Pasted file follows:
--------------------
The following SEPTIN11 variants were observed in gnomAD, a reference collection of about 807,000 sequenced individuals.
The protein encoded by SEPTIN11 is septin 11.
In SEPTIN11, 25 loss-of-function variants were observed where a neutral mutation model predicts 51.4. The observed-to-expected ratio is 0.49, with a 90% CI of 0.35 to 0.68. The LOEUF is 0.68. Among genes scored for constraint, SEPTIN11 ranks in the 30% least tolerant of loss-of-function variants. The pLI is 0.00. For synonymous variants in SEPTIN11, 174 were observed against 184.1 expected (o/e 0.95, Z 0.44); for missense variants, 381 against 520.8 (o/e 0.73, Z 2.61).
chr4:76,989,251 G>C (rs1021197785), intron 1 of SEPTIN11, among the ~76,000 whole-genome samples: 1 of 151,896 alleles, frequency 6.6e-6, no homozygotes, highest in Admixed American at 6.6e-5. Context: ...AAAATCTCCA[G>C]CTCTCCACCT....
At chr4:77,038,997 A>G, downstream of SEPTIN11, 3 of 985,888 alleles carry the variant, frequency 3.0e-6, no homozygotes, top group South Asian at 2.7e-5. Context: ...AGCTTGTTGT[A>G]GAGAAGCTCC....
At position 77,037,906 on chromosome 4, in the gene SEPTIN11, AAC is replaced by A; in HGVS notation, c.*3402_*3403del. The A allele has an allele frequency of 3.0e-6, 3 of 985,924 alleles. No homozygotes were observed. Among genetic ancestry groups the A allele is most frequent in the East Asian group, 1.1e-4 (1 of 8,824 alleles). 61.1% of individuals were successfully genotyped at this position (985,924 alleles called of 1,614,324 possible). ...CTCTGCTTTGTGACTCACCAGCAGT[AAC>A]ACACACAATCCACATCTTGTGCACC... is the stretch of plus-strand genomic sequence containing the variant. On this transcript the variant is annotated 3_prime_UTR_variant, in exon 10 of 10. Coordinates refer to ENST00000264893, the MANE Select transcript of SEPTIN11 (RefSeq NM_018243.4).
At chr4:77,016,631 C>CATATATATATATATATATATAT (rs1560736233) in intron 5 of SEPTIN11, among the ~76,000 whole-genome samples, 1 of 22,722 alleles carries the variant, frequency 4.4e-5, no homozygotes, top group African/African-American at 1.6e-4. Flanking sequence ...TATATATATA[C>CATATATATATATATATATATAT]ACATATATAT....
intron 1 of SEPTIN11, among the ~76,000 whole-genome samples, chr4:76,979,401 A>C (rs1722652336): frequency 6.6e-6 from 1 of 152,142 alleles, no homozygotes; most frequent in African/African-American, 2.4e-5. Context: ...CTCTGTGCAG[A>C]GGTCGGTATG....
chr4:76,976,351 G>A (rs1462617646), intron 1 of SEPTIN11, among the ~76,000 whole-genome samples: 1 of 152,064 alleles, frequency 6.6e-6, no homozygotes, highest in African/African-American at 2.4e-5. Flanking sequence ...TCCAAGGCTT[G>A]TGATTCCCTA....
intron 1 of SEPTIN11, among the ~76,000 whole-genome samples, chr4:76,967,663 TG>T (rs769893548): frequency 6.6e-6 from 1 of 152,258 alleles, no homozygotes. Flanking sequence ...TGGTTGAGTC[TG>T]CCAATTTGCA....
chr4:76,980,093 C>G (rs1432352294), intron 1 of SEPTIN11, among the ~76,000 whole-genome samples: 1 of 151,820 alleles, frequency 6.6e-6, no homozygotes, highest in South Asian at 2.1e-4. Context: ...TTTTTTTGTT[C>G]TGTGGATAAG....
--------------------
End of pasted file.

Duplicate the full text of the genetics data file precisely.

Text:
The following SEPTIN11 variants were observed in gnomAD, a reference collection of about 807,000 sequenced individuals.
The protein encoded by SEPTIN11 is septin 11.
In SEPTIN11, 25 loss-of-function variants were observed where a neutral mutation model predicts 51.4. The observed-to-expected ratio is 0.49, with a 90% CI of 0.35 to 0.68. The LOEUF is 0.68. Among genes scored for constraint, SEPTIN11 ranks in the 30% least tolerant of loss-of-function variants. The pLI is 0.00. For synonymous variants in SEPTIN11, 174 were observed against 184.1 expected (o/e 0.95, Z 0.44); for missense variants, 381 against 520.8 (o/e 0.73, Z 2.61).
chr4:76,989,251 G>C (rs1021197785), intron 1 of SEPTIN11, among the ~76,000 whole-genome samples: 1 of 151,896 alleles, frequency 6.6e-6, no homozygotes, highest in Admixed American at 6.6e-5. Context: ...AAAATCTCCA[G>C]CTCTCCACCT....
At chr4:77,038,997 A>G, downstream of SEPTIN11, 3 of 985,888 alleles carry the variant, frequency 3.0e-6, no homozygotes, top group South Asian at 2.7e-5. Context: ...AGCTTGTTGT[A>G]GAGAAGCTCC....
At position 77,037,906 on chromosome 4, in the gene SEPTIN11, AAC is replaced by A; in HGVS notation, c.*3402_*3403del. The A allele has an allele frequency of 3.0e-6, 3 of 985,924 alleles. No homozygotes were observed. Among genetic ancestry groups the A allele is most frequent in the East Asian group, 1.1e-4 (1 of 8,824 alleles). 61.1% of individuals were successfully genotyped at this position (985,924 alleles called of 1,614,324 possible). ...CTCTGCTTTGTGACTCACCAGCAGT[AAC>A]ACACACAATCCACATCTTGTGCACC... is the stretch of plus-strand genomic sequence containing the variant. On this transcript the variant is annotated 3_prime_UTR_variant, in exon 10 of 10. Coordinates refer to ENST00000264893, the MANE Select transcript of SEPTIN11 (RefSeq NM_018243.4).
At chr4:77,016,631 C>CATATATATATATATATATATAT (rs1560736233) in intron 5 of SEPTIN11, among the ~76,000 whole-genome samples, 1 of 22,722 alleles carries the variant, frequency 4.4e-5, no homozygotes, top group African/African-American at 1.6e-4. Flanking sequence ...TATATATATA[C>CATATATATATATATATATATAT]ACATATATAT....
intron 1 of SEPTIN11, among the ~76,000 whole-genome samples, chr4:76,979,401 A>C (rs1722652336): frequency 6.6e-6 from 1 of 152,142 alleles, no homozygotes; most frequent in African/African-American, 2.4e-5. Context: ...CTCTGTGCAG[A>C]GGTCGGTATG....
chr4:76,976,351 G>A (rs1462617646), intron 1 of SEPTIN11, among the ~76,000 whole-genome samples: 1 of 152,064 alleles, frequency 6.6e-6, no homozygotes, highest in African/African-American at 2.4e-5. Flanking sequence ...TCCAAGGCTT[G>A]TGATTCCCTA....
intron 1 of SEPTIN11, among the ~76,000 whole-genome samples, chr4:76,967,663 TG>T (rs769893548): frequency 6.6e-6 from 1 of 152,258 alleles, no homozygotes. Flanking sequence ...TGGTTGAGTC[TG>T]CCAATTTGCA....
chr4:76,980,093 C>G (rs1432352294), intron 1 of SEPTIN11, among the ~76,000 whole-genome samples: 1 of 151,820 alleles, frequency 6.6e-6, no homozygotes, highest in South Asian at 2.1e-4. Context: ...TTTTTTTGTT[C>G]TGTGGATAAG....